• Sprints – equal segments of time into which the project implementation is divided. This is, for example, a two-week period during which another functionality is created.
  • Software testing – a process related to software development, helping to ensure quality.
  • Component tests – verify the correct operation of a particular component, a module responsible for business logic, for example, it could be a product catalog or a module responsible for registration and customer service.
  • Integration tests – are used to check that all modules/systems work well together, or with external modules that are not in our system. Tests allow you to verify the client’s solutions, check the performance of the database and various other elements.
  • TypeScript-thelatest extended version of JavaScript, where you can check types and verify code as early as the code writing stage.
  • Unit test a unit test, verifying the correctness of a written piece of code.
  • Waterfall – is a method of software development, based on performing basic activities as separate project phases – in order one after another. To move on to the next activity, you must complete the previous one. The elements of the cascade model are: planning, design, implementation, testing, and finally implementation and maintenance.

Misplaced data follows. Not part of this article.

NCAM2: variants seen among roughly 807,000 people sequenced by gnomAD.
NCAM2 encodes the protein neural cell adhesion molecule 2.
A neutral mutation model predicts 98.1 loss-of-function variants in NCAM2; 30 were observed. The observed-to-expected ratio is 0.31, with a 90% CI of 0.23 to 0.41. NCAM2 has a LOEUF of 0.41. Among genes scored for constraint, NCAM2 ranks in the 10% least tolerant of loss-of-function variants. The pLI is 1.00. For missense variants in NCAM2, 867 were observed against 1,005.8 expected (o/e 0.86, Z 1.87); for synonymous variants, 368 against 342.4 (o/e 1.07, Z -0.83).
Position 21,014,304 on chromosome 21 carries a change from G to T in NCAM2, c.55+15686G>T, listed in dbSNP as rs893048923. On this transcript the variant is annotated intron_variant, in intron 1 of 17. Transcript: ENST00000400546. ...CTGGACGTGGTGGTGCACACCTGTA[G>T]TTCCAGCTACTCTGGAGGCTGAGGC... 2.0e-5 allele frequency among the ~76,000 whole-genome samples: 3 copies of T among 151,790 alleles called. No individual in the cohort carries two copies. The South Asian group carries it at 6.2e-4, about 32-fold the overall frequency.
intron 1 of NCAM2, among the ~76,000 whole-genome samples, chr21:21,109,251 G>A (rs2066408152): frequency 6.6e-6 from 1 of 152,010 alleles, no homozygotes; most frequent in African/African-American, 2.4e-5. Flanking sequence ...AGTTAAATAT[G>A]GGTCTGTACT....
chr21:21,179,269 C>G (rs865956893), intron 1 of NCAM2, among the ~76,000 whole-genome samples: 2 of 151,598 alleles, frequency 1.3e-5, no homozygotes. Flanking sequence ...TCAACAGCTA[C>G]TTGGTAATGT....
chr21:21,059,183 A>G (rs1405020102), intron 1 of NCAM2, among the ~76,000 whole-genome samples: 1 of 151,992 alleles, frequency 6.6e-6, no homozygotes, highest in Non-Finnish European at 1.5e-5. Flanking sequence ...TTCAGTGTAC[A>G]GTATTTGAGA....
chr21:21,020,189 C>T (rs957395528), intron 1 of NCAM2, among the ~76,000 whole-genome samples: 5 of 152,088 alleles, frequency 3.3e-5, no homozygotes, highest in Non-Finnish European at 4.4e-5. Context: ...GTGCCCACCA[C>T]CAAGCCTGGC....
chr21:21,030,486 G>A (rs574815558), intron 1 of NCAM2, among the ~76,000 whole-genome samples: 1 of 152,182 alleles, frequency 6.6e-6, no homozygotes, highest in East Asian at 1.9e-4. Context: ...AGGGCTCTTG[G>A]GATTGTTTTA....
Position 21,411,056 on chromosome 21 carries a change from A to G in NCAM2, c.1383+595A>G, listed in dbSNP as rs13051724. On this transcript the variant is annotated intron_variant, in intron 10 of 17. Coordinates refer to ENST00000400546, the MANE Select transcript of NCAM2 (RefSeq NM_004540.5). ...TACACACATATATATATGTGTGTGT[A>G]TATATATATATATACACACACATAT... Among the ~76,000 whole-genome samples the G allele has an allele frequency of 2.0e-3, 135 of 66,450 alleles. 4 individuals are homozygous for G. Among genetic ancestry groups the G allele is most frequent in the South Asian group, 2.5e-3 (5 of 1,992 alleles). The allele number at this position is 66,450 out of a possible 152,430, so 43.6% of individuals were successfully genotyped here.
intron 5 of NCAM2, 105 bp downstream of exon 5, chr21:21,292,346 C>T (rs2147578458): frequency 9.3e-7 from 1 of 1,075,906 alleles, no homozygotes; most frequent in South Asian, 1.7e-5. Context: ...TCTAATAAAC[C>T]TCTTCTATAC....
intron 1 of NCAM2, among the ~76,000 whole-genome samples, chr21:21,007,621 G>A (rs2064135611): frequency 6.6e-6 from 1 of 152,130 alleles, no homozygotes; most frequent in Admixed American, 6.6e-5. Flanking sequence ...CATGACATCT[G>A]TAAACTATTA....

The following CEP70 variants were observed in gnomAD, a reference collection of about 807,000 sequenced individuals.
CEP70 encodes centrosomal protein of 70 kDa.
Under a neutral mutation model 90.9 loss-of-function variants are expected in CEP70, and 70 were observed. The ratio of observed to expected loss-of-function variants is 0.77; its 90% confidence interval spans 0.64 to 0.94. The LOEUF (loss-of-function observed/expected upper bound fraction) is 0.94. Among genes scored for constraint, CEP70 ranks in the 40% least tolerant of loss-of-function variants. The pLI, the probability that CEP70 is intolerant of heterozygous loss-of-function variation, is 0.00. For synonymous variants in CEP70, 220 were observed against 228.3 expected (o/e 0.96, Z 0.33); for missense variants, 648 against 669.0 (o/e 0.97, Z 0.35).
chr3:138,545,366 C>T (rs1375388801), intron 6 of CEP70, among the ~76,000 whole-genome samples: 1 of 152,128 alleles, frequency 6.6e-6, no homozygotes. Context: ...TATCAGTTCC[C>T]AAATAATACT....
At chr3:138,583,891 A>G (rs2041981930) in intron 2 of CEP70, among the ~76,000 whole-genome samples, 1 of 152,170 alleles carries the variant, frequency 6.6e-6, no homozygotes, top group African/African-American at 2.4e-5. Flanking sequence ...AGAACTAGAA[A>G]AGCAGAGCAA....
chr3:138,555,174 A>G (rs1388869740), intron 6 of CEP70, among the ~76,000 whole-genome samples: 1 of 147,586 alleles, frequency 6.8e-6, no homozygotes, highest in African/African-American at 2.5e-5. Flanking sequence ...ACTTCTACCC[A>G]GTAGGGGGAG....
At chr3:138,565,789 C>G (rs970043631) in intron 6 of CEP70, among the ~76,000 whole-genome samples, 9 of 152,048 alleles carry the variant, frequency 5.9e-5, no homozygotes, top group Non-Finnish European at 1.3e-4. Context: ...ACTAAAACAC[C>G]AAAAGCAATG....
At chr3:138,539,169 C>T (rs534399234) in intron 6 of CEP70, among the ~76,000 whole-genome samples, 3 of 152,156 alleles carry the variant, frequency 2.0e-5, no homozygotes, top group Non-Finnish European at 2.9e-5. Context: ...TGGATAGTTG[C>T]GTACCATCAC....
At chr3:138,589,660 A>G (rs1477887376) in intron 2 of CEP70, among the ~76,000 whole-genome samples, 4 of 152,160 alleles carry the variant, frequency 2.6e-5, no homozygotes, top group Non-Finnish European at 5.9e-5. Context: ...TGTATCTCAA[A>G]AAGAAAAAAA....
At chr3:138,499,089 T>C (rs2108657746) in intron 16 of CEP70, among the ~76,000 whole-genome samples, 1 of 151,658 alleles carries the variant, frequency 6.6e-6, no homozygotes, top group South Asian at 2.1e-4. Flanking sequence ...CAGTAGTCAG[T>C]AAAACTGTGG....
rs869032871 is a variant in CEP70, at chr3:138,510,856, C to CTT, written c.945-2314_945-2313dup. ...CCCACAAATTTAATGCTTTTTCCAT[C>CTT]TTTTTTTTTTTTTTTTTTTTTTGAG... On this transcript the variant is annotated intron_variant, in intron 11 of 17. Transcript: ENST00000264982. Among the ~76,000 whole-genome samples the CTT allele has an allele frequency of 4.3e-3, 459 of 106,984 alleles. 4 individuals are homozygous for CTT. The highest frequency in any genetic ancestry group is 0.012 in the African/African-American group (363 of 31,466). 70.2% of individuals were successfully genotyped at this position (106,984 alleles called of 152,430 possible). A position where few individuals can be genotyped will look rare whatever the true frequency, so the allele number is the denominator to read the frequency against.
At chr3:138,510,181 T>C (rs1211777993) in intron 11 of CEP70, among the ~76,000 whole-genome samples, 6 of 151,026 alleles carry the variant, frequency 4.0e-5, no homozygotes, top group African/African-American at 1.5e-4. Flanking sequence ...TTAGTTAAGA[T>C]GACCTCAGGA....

I hope that the concepts I have collected and and the IT glossary for recruiters I have prepared, will make it easier for you to implement into the world of IT and daily work. For more terms, see the source articles. I encourage you to create your own glossary. Such a tool you can constantly develop and add new concepts.

Want to join the best community of recruiters? APPLY! Also read an article on crowdstaffing recruitment.

Natalia Szubert